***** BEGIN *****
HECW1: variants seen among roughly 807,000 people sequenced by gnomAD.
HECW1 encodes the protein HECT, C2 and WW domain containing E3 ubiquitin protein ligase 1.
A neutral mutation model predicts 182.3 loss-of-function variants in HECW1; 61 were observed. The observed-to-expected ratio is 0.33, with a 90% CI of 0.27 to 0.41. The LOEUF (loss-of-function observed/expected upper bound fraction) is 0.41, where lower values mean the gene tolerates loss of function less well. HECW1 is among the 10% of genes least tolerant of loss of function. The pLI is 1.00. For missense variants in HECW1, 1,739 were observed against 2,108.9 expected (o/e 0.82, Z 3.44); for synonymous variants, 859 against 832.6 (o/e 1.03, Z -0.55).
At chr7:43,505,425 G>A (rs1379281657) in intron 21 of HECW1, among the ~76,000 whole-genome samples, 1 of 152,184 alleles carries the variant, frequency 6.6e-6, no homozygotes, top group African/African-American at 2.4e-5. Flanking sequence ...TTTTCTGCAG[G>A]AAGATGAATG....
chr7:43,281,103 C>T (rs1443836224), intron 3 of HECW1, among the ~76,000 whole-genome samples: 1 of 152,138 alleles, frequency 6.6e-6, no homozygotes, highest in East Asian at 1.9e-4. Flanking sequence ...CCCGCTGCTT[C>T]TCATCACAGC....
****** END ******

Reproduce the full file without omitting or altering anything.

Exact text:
HECW1: variants seen among roughly 807,000 people sequenced by gnomAD.
HECW1 encodes the protein HECT, C2 and WW domain containing E3 ubiquitin protein ligase 1.
A neutral mutation model predicts 182.3 loss-of-function variants in HECW1; 61 were observed. The observed-to-expected ratio is 0.33, with a 90% CI of 0.27 to 0.41. The LOEUF (loss-of-function observed/expected upper bound fraction) is 0.41, where lower values mean the gene tolerates loss of function less well. HECW1 is among the 10% of genes least tolerant of loss of function. The pLI is 1.00. For missense variants in HECW1, 1,739 were observed against 2,108.9 expected (o/e 0.82, Z 3.44); for synonymous variants, 859 against 832.6 (o/e 1.03, Z -0.55).
At chr7:43,505,425 G>A (rs1379281657) in intron 21 of HECW1, among the ~76,000 whole-genome samples, 1 of 152,184 alleles carries the variant, frequency 6.6e-6, no homozygotes, top group African/African-American at 2.4e-5. Flanking sequence ...TTTTCTGCAG[G>A]AAGATGAATG....
chr7:43,281,103 C>T (rs1443836224), intron 3 of HECW1, among the ~76,000 whole-genome samples: 1 of 152,138 alleles, frequency 6.6e-6, no homozygotes, highest in East Asian at 1.9e-4. Flanking sequence ...CCCGCTGCTT[C>T]TCATCACAGC....